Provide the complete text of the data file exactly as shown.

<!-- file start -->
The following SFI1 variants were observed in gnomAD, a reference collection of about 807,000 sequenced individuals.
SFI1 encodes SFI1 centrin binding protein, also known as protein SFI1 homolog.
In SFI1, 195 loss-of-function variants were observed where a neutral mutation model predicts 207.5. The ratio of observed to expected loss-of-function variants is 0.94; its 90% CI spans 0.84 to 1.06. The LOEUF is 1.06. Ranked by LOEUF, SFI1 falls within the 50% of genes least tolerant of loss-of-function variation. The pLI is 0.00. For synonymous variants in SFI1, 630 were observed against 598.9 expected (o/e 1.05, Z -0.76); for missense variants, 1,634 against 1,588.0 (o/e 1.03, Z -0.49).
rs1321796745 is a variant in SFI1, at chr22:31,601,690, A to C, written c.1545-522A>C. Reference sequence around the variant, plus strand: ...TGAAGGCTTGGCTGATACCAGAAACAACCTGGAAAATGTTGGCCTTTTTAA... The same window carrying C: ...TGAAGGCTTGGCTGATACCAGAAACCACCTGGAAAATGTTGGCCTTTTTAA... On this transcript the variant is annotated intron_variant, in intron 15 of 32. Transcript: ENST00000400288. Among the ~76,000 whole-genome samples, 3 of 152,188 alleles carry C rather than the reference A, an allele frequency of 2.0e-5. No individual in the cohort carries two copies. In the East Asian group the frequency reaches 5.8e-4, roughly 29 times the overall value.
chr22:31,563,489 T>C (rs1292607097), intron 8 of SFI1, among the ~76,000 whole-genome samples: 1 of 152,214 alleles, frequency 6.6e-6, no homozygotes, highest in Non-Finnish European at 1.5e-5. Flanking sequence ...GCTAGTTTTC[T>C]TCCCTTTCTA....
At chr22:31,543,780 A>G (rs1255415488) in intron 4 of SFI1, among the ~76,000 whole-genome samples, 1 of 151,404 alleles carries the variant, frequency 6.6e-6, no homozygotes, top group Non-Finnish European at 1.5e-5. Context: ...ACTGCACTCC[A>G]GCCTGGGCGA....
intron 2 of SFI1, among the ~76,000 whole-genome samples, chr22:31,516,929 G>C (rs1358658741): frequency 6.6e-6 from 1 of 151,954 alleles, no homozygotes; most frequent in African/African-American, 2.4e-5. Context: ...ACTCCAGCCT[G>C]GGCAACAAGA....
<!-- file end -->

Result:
The following SFI1 variants were observed in gnomAD, a reference collection of about 807,000 sequenced individuals.
SFI1 encodes SFI1 centrin binding protein, also known as protein SFI1 homolog.
In SFI1, 195 loss-of-function variants were observed where a neutral mutation model predicts 207.5. The ratio of observed to expected loss-of-function variants is 0.94; its 90% CI spans 0.84 to 1.06. The LOEUF is 1.06. Ranked by LOEUF, SFI1 falls within the 50% of genes least tolerant of loss-of-function variation. The pLI is 0.00. For synonymous variants in SFI1, 630 were observed against 598.9 expected (o/e 1.05, Z -0.76); for missense variants, 1,634 against 1,588.0 (o/e 1.03, Z -0.49).
rs1321796745 is a variant in SFI1, at chr22:31,601,690, A to C, written c.1545-522A>C. Reference sequence around the variant, plus strand: ...TGAAGGCTTGGCTGATACCAGAAACAACCTGGAAAATGTTGGCCTTTTTAA... The same window carrying C: ...TGAAGGCTTGGCTGATACCAGAAACCACCTGGAAAATGTTGGCCTTTTTAA... On this transcript the variant is annotated intron_variant, in intron 15 of 32. Transcript: ENST00000400288. Among the ~76,000 whole-genome samples, 3 of 152,188 alleles carry C rather than the reference A, an allele frequency of 2.0e-5. No individual in the cohort carries two copies. In the East Asian group the frequency reaches 5.8e-4, roughly 29 times the overall value.
chr22:31,563,489 T>C (rs1292607097), intron 8 of SFI1, among the ~76,000 whole-genome samples: 1 of 152,214 alleles, frequency 6.6e-6, no homozygotes, highest in Non-Finnish European at 1.5e-5. Flanking sequence ...GCTAGTTTTC[T>C]TCCCTTTCTA....
At chr22:31,543,780 A>G (rs1255415488) in intron 4 of SFI1, among the ~76,000 whole-genome samples, 1 of 151,404 alleles carries the variant, frequency 6.6e-6, no homozygotes, top group Non-Finnish European at 1.5e-5. Context: ...ACTGCACTCC[A>G]GCCTGGGCGA....
intron 2 of SFI1, among the ~76,000 whole-genome samples, chr22:31,516,929 G>C (rs1358658741): frequency 6.6e-6 from 1 of 151,954 alleles, no homozygotes; most frequent in African/African-American, 2.4e-5. Context: ...ACTCCAGCCT[G>C]GGCAACAAGA....